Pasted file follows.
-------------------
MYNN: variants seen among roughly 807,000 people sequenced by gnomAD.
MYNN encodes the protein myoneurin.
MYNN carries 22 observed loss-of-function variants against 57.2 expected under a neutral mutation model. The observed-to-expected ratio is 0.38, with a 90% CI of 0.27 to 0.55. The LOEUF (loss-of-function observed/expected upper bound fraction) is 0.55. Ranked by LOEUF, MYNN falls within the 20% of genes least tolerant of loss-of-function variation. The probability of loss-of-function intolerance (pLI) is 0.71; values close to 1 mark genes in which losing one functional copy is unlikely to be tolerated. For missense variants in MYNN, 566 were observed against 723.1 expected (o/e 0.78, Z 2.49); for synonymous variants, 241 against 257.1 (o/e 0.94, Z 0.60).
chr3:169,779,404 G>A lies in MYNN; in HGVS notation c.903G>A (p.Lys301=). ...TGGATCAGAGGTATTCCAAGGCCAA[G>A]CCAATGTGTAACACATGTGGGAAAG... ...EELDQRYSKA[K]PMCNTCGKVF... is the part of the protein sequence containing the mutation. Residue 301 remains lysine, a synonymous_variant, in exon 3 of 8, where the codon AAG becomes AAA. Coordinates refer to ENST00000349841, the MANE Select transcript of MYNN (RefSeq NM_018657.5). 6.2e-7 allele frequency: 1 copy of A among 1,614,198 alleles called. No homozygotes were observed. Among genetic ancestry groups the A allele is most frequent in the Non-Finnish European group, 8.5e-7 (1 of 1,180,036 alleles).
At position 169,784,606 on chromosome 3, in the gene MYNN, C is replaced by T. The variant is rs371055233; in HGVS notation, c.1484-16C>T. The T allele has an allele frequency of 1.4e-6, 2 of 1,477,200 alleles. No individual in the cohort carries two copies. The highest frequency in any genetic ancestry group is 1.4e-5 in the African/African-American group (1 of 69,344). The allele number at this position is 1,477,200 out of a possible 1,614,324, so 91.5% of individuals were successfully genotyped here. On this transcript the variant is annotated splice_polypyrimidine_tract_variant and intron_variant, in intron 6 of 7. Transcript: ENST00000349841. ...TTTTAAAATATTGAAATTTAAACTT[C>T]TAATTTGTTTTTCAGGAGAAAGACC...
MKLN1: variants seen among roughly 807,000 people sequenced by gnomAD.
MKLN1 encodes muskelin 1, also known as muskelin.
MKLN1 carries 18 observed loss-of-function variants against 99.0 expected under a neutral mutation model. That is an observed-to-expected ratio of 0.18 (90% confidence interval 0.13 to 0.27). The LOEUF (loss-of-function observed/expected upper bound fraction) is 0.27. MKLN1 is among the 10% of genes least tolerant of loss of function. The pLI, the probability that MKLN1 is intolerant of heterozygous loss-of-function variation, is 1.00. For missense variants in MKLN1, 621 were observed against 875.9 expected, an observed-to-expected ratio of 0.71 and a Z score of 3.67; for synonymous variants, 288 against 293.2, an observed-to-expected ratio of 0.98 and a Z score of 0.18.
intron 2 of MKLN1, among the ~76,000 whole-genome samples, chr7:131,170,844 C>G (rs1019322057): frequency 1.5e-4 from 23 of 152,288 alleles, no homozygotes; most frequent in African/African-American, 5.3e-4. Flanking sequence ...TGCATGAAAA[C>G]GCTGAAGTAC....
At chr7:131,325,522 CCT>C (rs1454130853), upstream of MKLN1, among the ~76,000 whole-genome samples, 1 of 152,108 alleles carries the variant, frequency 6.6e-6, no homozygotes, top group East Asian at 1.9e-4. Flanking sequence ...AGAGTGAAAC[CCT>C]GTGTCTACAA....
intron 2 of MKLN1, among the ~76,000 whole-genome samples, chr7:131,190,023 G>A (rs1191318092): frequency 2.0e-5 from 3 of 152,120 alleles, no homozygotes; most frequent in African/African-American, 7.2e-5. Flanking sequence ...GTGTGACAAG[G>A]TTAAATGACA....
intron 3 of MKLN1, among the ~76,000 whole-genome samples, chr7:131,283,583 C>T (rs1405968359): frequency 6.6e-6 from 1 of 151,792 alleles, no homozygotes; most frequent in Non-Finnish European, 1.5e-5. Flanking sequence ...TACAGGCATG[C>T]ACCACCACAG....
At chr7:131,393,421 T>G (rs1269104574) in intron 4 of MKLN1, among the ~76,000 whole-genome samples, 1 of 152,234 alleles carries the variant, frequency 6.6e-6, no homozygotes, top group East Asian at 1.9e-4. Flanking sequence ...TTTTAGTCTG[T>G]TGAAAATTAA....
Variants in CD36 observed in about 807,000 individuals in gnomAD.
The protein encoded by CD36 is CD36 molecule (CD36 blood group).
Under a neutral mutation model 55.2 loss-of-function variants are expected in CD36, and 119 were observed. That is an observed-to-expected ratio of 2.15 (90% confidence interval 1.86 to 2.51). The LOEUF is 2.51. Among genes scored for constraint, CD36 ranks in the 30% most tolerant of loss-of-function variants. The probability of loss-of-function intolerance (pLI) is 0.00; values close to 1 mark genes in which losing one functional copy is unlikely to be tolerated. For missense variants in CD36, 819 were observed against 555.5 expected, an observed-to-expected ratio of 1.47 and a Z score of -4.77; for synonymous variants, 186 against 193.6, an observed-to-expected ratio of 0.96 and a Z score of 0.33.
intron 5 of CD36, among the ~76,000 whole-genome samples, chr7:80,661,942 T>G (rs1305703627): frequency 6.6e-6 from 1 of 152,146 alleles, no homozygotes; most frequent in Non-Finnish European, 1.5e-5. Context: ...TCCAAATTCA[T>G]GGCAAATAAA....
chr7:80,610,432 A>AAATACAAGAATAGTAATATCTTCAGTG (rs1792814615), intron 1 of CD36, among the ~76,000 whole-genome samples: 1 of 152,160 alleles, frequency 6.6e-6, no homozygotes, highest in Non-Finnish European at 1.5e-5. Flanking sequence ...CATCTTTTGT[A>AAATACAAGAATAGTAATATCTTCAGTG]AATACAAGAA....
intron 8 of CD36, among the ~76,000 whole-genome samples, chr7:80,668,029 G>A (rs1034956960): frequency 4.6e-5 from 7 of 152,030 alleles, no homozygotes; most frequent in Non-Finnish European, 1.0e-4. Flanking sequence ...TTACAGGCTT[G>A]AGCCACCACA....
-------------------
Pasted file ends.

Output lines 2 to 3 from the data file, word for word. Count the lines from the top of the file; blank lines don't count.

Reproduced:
MYNN encodes the protein myoneurin.
MYNN carries 22 observed loss-of-function variants against 57.2 expected under a neutral mutation model. The observed-to-expected ratio is 0.38, with a 90% CI of 0.27 to 0.55. The LOEUF (loss-of-function observed/expected upper bound fraction) is 0.55. Ranked by LOEUF, MYNN falls within the 20% of genes least tolerant of loss-of-function variation. The probability of loss-of-function intolerance (pLI) is 0.71; values close to 1 mark genes in which losing one functional copy is unlikely to be tolerated. For missense variants in MYNN, 566 were observed against 723.1 expected (o/e 0.78, Z 2.49); for synonymous variants, 241 against 257.1 (o/e 0.94, Z 0.60).